In January, I wrote her a note about how much I liked it and she even wrote me back a few weeks later. This week she won the Pulitzer. So I have corresponded with a Pulitzer-prize winner! And once, long ago, I interviewed Carol Shields, who also won the Pulitzer and National Book Critics Circle Award, like Egan. She was a gracious and funny woman, and you can read our interview here: http://aprilhenrymysteries.com/writing/carole_shields.php (excuse the extra e on her name - must get Web master to remove it)!
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10. HBO To Adapt Jennifer Egan’s A Visit from the Goon Squad

Jennifer Egan‘s Pulitzer Prize-winning novel A Visit from the Goon Squad will be adapted into a TV series by HBO.

International Creative Management negotiated the deal. Michael London and Jocelyn Hays Simpson will act as co-executive producers.

Fans of A Visit from the Goon Squad can look forward to this adaptation and Egan’s current project. In a Bookmunch interview, Egan revealed: “I’m actually working on a new piece now that involves a character from Goon Squad.”

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11. A Visit From The Goon Squad/Jennifer Egan: Reflections


Novelists are tasked with leaving readers with the grave and glorious illusion that they have been given access to a world, ushered in. This exists, the novelist says. I’ve seen it. I’ve been there. Let me show you.

Jennifer Egan’s many-prized A Visit From The Goon Squad does not merely render a world. It wends readers through the hallows and hollows of vast geographies, personalities, and zones. Goon Squad is a composite of abutments and abrasions—a savvy, smart, sometimes bitter, often funny suite of thirteen tales about ingeniously interrelated slackers and singers, druggies and parents, inglorious PR mavericks and thieves, people who were young and people who grew old. Time is Egan’s primary character, her first concern. How we hope. How we remember. And how, most devastatingly, we age.

It took me many days to read this book, but I’m not sure why. I would read a few chapters, set the book aside, return—not the smartest approach to a book in which it is necessary to place and remember a stream of characters who are minor, then major, then receding, then right back at you again. You have to work at this book, in other words—not because Egan is trying to be difficult, but because Egan is so very smart, and so frequently sly. She’s postmodern, if I understand the term. A risk taker, a jokester, a woman who (now so famously) can tell a very touching, humane story through the device of power point slides. Oddly, I was perhaps most moved by the tale delivered through those infamous slides.

Egan can also write a hell of a sentence, and in fact she has written an abundance of them here. I close this post with an example, a description of an undone rocker who we’ve also known, in pages elsewhere, as a singing tour de force.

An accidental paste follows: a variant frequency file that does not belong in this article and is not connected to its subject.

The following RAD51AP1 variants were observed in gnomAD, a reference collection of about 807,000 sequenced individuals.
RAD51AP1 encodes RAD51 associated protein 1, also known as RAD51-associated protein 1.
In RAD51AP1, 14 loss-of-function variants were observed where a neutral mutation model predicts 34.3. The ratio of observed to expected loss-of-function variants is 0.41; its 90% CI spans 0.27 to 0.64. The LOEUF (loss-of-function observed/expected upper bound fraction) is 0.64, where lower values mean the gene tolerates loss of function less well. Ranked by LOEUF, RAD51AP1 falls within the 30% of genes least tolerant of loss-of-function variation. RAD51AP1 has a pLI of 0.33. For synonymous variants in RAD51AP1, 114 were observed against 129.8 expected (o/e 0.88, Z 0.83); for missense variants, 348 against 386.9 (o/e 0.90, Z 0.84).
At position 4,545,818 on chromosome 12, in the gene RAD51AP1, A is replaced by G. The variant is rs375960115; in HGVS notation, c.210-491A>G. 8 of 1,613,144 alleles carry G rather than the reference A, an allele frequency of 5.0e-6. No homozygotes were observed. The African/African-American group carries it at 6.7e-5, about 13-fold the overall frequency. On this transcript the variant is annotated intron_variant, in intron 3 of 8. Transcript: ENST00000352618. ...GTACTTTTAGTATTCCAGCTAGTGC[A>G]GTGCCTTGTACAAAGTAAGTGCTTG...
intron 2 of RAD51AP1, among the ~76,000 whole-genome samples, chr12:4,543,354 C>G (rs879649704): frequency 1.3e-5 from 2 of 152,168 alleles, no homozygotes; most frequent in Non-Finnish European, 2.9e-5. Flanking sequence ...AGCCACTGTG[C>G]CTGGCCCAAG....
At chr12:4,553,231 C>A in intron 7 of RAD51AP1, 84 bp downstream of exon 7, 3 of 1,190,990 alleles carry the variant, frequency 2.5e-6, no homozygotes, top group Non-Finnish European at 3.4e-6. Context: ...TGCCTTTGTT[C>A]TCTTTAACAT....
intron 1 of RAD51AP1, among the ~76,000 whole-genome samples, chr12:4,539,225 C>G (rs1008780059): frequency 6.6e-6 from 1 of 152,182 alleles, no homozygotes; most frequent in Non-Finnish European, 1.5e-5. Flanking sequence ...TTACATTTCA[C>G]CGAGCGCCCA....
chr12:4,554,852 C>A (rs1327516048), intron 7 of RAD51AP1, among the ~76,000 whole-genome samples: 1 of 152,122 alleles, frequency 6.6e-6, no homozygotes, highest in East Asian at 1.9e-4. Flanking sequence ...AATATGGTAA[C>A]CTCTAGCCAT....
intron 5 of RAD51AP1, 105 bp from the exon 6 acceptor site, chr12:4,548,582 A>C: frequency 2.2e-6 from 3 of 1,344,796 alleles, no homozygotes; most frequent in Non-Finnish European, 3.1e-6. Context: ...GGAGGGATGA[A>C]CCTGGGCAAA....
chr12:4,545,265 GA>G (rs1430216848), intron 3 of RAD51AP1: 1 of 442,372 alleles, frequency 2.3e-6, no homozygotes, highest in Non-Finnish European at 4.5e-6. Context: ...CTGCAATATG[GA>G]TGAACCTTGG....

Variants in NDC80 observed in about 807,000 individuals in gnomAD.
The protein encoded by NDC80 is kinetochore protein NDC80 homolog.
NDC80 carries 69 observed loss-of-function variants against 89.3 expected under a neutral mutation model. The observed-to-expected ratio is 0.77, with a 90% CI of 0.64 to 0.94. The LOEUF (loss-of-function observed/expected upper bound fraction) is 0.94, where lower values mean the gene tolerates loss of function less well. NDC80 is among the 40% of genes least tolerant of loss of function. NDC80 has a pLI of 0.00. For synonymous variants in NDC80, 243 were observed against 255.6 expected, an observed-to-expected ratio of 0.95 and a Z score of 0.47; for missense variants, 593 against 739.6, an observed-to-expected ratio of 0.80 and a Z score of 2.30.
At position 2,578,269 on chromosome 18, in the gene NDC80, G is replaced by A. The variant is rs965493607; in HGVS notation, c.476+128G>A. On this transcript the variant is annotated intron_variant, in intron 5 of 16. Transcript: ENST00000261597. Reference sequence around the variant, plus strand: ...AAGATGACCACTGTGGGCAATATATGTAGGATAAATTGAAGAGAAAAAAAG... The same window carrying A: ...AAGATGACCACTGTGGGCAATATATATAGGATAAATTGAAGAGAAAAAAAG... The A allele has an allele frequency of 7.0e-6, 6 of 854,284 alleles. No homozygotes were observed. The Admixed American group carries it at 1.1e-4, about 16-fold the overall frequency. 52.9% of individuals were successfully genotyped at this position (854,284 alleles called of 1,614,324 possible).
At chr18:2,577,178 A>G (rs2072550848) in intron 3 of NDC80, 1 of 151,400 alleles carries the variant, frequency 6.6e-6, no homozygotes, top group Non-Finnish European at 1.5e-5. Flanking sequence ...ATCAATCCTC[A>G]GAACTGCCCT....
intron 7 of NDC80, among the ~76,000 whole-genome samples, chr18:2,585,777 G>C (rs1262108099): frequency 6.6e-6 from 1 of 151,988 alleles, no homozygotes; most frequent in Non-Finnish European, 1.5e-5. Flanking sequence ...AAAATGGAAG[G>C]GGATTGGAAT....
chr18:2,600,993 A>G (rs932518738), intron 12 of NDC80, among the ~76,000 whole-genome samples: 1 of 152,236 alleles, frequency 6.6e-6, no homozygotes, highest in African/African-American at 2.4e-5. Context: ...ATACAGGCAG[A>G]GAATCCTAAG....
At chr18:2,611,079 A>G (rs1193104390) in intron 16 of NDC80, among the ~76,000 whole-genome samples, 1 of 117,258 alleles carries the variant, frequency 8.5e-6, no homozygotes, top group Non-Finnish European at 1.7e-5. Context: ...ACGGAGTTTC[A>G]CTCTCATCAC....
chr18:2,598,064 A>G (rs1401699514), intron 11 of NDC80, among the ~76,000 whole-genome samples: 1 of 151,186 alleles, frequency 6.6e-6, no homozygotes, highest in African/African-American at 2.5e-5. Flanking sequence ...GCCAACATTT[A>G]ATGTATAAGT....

Look at what Egan can do:

Nowadays he was huge—from medications, he claimed, both post-cancer and antidepressant—but a glance into his trash can nearly always revealed an empty gallon box of Dreyer’s Rocky Road ice cream. His red hair had devolved into a stringy gray ponytail. An unsuccessful hip replacement had left him with the lurching, belly-hoisting walk of a refrigerator on a hand truck. Still, he was awake, dressed—even shaven. The blinds of his loft were up and a tinge of shower humidity hung in the air, pleasantly cut by the smell of brewing coffee.

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12. Jeff Howe Relaunches One Book, One Twitter as 1book140

Jeff Howe has partnered with The Atlantic to relaunch the online book club, One Book, One Twitter

Howe explained in the announcement: “I’d always intended to relaunch One Book, One Twitter … It has a new name—1book140—but what hasn’t changed is the global, participatory nature of the affair: The crowd is still in charge.”

Twitter readers will choose the book to read in the online book club.  You can still vote on the following titles: The Blind Assassin by Margaret Atwood, The Keep by Jennifer Egan, Snow by Orhan Pamuk, Super Sad True Love Story by Gary Shteyngart, and Apex Hides the Hurt by Colson Whitehead. Reading will commence on June 1st.

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13. Goodreads Has Millions of Readers and First Book Has Millions of Books … Hmmm …

Goodreads Book Club to Benefit First BookWe’re excited to announce that First Book has joined forces with Goodreads, one of the largest online communities of readers, to bring more books to more children this summer.

This summer the Goodreads community will be reading ‘A Visit from the Goon Squad’, by Jennifer Egan, to kick off their new Goodreads Book Club. (It’s an incredible book; it was recently awarded both the Pulitzer Prize for Literature and the National Book Critics Circle Award).

For every 10,000 members of the Goodreads community who add this title to their shelves on the site, Goodreads will donate 1,000 books to kids in need through First Book. That may sound like a lot of people, but it turns out there are a whole bunch of people on Goodreads. 25,000 people have already added this title, so we’re up to 2,000 donated books right out of the gate. Woot!

But we’d love to get that number much, much higher, so if you’re on Goodreads, please read (and add) ‘A Visit from the Goon Squad’, and see what all the richly-deserved fuss is about. And if you’re not on Goodreads, go sign up! It’s free and it’s a huge, interesting community of people who love books. Plus there are quite a few First Book staffers on there already, and we’d love to talk about our favorite books with you.